The past and the present of Tasmanian football came together in Melbourne on Wednesday in a show of solidarity for the game in this state, but the elephant in the room was one that was obvious for all to see.
The Tasmanian Football Foundation’s A Celebration of Tasmanian Football was billed as more of a “party” than a campaign meeting for any future Tasmanian side in the national competition.
However, several prominent Tasmanian-football identities used their time on stage to let their frustration known about the lack representation for the state in the big league.
One of those was Brisbane coach Chris Fagan, who reiterated his comments to Fairfax Media on Tuesday that he believed it was cultural injustice that Tasmania, being a traditional football state, did not have the opportunity to compete in the competition.
It brought a round of applause from the 500-strong crowd.
Fagan was speaking while on stage at Melbourne’s Crown Casino with the state’s other AFL coaches Rodney Eade and Brendon Bolton, with Eade agreeing with Fagan, and Bolton suggesting returning to a full Tassie Mariners program could be a strong starting point.
The other most vocal voice on the issue was Richmond chief executive Brendon Gale.
When questioned on the issue by fellow North-West Coast product Russell Robertson, Gale said while his main dream would be to see a Richmond premiership, a Tasmanian side would be second on his wishlist.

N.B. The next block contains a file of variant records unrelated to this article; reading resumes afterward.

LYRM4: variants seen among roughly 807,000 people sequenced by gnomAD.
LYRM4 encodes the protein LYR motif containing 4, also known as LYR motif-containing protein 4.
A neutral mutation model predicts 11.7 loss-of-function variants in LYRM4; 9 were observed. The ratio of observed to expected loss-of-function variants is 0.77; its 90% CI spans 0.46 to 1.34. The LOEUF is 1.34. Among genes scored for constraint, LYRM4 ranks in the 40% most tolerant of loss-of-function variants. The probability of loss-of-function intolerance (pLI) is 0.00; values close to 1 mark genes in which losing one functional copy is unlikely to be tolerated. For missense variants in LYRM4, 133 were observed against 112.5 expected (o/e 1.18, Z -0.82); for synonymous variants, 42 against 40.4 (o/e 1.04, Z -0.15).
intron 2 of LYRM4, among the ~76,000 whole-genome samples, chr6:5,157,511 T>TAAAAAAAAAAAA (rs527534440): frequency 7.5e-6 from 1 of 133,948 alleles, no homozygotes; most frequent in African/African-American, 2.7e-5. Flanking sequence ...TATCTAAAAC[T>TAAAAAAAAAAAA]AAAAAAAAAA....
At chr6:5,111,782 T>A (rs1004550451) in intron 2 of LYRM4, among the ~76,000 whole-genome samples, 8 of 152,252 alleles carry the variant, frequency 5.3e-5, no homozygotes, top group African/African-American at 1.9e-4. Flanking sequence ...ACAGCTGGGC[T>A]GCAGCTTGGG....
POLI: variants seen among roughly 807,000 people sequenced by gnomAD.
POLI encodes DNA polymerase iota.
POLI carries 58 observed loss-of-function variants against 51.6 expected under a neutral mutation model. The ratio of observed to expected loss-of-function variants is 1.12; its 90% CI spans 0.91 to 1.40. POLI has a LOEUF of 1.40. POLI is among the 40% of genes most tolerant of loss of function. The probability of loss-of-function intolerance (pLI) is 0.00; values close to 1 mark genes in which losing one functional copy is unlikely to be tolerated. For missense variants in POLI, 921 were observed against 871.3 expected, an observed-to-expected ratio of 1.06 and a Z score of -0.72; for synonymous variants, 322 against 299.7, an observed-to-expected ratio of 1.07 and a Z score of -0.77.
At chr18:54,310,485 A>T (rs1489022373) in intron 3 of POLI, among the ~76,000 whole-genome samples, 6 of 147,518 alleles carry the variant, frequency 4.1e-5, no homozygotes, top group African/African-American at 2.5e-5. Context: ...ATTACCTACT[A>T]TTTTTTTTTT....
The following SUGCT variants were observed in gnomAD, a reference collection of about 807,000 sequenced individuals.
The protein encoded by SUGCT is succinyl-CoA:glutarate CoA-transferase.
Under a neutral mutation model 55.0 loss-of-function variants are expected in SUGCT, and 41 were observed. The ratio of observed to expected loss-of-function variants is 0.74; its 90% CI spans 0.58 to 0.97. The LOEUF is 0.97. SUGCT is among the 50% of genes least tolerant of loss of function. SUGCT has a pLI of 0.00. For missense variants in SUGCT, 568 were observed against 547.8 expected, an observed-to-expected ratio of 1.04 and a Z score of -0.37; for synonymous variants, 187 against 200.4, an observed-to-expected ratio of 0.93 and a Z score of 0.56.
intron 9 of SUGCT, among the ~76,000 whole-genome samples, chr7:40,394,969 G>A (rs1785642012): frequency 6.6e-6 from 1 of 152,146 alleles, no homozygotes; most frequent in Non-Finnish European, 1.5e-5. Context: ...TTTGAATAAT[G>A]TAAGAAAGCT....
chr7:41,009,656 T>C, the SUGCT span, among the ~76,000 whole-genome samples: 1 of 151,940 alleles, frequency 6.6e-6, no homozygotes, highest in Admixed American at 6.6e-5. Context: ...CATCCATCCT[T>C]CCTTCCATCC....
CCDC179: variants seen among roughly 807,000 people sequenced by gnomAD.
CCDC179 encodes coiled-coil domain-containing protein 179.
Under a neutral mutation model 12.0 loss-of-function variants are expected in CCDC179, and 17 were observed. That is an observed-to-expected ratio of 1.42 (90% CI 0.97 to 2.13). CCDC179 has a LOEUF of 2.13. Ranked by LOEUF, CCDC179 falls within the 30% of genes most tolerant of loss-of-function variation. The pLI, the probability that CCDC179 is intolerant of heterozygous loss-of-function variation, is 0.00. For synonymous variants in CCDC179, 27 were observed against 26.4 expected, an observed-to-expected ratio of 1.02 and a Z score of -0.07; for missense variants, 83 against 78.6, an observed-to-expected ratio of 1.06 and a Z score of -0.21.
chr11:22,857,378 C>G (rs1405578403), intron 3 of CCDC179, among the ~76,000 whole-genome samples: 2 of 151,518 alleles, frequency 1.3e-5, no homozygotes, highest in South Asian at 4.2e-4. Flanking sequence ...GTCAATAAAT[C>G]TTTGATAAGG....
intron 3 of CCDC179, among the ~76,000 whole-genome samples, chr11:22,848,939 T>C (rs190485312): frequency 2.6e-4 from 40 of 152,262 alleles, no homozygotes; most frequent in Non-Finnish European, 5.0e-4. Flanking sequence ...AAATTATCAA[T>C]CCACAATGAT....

The “elephant” was addressed by the man who has copped the most criticism on the issue, AFL chief executive office Gillon McLachlan, who told the crowd that Tasmania remained an important part of the football landscape.
Other than those moments, the night was one of more reflection and celebration, with Fagan, Eade and Bolton sharing how their experiences in Tasmania had helped them become senior coaches.
Richmond great Matthew Richardson shared how growing up in and around football on the North-West Coast had helped inspire him, while the 1990 Tasmanian side that defeated Victoria was honoured.
Greats such as Peter Hudson and Ian Stewart were also celebrated, with Stewart saying Darrel Baldock was the best player he had ever seen, while modern day warriors Jack and Riewoldt, Jackson Thurlow and Ben Brown all shared their Tasmanian experiences, as did umpire Scott Jeffrey,